BUSINESS AND AGING
I am Superboy's worst nightmare. I'm worse than the insect boy, more dangerous than the liposuction girl, and, yes, even more treacherous than his archnemesis, Lex Luther. I admit it-I love the WB Network's program Smallville. It's fresh, brightly cast and smartly written, with unexpectedly rich character relationships-farmer Jonathan Kent nurturing his son, Clark; tycoon Lionel Luther in a power struggle with his scion, Lex. The show is much better than the original Superboy comics I collected before anyone heard the phrase "baby boomer." The program actually broaches social issues, and some have even dealt with aging.
So, why am I deadlier than kryptonite? Apparently, I can wither advertising revenues with my Aging Vision. That's right-I'm 57 years old; and, according to Morley Safer of 60 Minutes, WB doesn't want me anywhere near its demographics.
THE WRONG VIEWERS
In a 60 Minutes segment titled "Over the Hill" (September 29, 2002), Safer describes WB as "the network that prides itself on trying to have no viewers over 30." Safer leads off the piece by noting that when ABC tried dumping Ted Koppel's Nightline for David Letterman last spring, "the inescapable truth about television became brutally clear. It wasn't that Mr. Koppel did not have enough viewers, he just had the wrong viewers-older viewers, over the demographic hill, that magic mountain populated by 18-49-year-olds, whom the biggest advertisers lust after."
Jeff Zucker, the 37-year-old president of entertainment at NBC, agrees with Safer that most television programs are aimed at people age 30 and made by thirtysomethings. "Broadcasting is a business," Zucker assures the 70-year-old news veteran. "We want to do programs that will appeal to adults 18-49, that Madison Avenue will buy." Safer notes wryly that Zucker regards the average viewer of 60 Minutes, age 59, as "absolutely dispensable." (On Oct. 1, Jay Leno took this cheap shot: "There are now two programs on TV where they talk to the dead-well, three, if you count 60 Minutes.")
New York advertising executive Donnie Deutsch, whose Deutsch Inc. is credited with driving up sales of Mitsubishi automobiles in the United States, tells Safer, "In just about every category, people over age 55 are spending significantly less proportionately than every other demo [demographic]." Older consumers, he says, are best pitched such products as costly vacations, expensive cars, financial services, vitamins and headache remedies, but "the action" is in ads for fast food, movies, beer, soft drinks and video games-items less competifive where older eyeballs are concerned."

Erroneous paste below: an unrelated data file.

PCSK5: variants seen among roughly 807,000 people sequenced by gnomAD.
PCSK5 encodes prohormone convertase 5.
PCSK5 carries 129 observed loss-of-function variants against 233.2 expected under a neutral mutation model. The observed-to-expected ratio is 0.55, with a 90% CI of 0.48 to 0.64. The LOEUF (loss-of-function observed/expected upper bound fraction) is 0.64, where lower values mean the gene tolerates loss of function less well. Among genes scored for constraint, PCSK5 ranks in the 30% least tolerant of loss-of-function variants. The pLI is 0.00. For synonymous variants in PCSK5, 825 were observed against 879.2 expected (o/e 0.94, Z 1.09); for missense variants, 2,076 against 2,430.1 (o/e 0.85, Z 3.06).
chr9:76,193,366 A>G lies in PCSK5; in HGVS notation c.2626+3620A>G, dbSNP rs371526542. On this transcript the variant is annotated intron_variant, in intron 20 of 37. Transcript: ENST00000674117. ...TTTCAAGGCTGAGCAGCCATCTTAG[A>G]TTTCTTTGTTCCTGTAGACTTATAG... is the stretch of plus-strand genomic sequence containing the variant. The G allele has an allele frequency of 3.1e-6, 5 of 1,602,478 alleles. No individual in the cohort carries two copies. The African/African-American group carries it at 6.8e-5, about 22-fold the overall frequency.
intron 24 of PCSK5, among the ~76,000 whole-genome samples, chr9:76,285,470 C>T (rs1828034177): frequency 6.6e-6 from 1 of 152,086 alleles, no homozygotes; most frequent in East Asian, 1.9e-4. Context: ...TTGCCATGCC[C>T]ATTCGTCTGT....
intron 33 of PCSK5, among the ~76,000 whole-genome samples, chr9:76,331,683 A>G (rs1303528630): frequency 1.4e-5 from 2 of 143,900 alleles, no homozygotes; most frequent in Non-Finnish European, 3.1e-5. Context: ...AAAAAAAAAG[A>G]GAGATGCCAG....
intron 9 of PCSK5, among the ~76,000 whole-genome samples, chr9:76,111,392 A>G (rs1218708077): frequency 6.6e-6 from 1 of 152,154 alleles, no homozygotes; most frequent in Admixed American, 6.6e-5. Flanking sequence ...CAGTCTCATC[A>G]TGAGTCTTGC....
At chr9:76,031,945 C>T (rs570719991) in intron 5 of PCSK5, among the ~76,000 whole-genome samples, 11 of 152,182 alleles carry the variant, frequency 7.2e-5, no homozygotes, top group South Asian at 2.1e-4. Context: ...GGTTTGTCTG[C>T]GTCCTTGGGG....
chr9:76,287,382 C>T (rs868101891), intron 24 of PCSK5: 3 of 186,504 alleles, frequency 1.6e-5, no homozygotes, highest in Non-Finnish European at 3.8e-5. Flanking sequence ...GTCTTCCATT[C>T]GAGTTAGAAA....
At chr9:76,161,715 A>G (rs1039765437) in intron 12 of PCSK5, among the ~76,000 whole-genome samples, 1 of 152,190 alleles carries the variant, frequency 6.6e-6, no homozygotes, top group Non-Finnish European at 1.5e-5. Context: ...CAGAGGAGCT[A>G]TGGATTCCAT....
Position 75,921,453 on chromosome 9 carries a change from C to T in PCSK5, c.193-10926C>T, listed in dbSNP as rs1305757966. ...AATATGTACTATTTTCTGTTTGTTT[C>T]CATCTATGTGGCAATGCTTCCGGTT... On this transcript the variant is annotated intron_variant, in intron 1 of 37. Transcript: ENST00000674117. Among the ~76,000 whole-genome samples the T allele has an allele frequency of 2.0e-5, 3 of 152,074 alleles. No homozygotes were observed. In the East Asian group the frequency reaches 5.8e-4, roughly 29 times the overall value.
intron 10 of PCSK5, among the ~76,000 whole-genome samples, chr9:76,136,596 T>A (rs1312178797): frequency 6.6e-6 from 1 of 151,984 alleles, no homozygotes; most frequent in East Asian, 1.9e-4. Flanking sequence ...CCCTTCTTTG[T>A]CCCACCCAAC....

Deutsch explains that TV networks ignore the demonstrably wealthier older generation because "the younger the audience, the harder they are to reach on television. Television as a medium skews older. So the thinking on Madison Avenue is that it's a lot easier to reach those 55-plus,, because they're watching more TV. The 25-34 [age segment] of that 18-49 [group] is watching less TV, so you really have to kind of find them where they are." Networks spend billions of dollars "on trying to get those limited eyeballs to watch those particular shows." A rarity like NBC's West Wing aside, Zucker crows (see the October 2002 issue of Esquire) about gluing young eyeballs to his tube with Fear Factor and similar fare.
However, David Poltrack, CBS's vice president of research, objects, "The whole thing is just totally wrong, but that is what you hear every time you ask an advertising person why they go young." Poltrack observes that although CBS president and CEO Leslie Moonves also tries to sell advertisers on the network's appeal to those age 18-49, the network with the oldest audience, about age 45 on average, is saying, "We still have the older viewers-they are important-and now we have the younger viewers, as well." Poltrack stresses, "The fact is that all of the statistical evidence, all of the marketing research that has been done documents that the fastest growing-audience in importance is the 55-plus audience. …